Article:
as lost in the case of the consul. It is true that the king was always in the Roman commonwealth subject, and not superior, to the law; but, as according to the Roman view the supreme judge could not be prosecuted at his own bar, the king might doubtless have committed a crime, but there was for him no tribunal and no punishment. The consul, again, if he had committed murder or treason, was protected by his office, but only so long as it lasted; on his retirement he was liable to the ordinary penal jurisdiction like any other burgess.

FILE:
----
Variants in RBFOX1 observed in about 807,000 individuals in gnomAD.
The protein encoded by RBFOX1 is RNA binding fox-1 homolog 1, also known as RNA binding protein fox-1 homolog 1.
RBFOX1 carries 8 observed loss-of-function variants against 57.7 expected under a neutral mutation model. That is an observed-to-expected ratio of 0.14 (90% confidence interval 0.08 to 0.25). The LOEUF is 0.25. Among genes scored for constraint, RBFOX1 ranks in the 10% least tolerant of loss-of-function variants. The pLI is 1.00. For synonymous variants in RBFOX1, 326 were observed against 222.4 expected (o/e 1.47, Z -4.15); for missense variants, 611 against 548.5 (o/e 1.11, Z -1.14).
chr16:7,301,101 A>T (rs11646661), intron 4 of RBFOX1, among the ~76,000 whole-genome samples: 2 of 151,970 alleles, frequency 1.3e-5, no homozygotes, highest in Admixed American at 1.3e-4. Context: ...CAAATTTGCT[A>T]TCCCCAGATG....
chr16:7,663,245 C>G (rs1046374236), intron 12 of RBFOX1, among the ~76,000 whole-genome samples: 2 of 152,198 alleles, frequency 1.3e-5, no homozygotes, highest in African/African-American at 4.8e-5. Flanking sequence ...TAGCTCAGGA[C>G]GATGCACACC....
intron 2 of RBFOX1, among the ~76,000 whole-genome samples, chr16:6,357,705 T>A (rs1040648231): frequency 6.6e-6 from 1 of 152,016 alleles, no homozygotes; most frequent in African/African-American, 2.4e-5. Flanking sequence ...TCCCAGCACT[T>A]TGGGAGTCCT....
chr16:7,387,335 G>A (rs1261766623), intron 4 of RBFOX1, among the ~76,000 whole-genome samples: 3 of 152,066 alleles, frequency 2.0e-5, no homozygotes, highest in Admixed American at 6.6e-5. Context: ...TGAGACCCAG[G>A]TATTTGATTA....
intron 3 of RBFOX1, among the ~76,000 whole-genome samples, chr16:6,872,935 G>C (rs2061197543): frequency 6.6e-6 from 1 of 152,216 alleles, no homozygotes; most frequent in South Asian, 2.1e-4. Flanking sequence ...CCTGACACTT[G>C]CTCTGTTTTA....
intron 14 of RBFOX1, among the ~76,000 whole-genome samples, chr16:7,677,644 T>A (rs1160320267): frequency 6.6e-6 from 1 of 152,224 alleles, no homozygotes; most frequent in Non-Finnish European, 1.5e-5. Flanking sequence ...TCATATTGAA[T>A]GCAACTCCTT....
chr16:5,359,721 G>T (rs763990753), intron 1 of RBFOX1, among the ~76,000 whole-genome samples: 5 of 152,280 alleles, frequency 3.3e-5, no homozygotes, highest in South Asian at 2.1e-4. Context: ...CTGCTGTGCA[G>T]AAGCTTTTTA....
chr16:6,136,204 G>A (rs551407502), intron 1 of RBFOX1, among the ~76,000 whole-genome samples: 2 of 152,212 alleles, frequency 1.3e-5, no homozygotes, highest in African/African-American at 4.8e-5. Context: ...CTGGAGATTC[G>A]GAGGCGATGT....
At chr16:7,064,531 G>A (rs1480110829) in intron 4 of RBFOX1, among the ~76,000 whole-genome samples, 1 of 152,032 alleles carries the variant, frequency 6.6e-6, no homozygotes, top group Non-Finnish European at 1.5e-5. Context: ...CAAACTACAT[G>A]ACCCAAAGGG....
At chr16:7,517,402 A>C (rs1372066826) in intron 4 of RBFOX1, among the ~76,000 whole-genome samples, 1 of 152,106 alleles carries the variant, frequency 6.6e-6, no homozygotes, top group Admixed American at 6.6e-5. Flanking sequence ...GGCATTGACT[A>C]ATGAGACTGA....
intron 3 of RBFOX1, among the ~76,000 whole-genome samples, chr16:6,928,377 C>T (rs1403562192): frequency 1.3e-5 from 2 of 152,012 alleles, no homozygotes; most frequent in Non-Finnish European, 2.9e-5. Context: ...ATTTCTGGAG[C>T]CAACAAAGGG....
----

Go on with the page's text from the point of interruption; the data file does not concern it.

To these leading changes, affecting the principles of the constitution, other restrictions were added of a subordinate and more external character, some of which nevertheless produced a deep effect The privilege of the king to have his fields tilled by task-work of the burgesses, and the special relation of clientship in which the --metoeci-- as a body must have stood to the king, ceased of themselves with the life tenure of the office.
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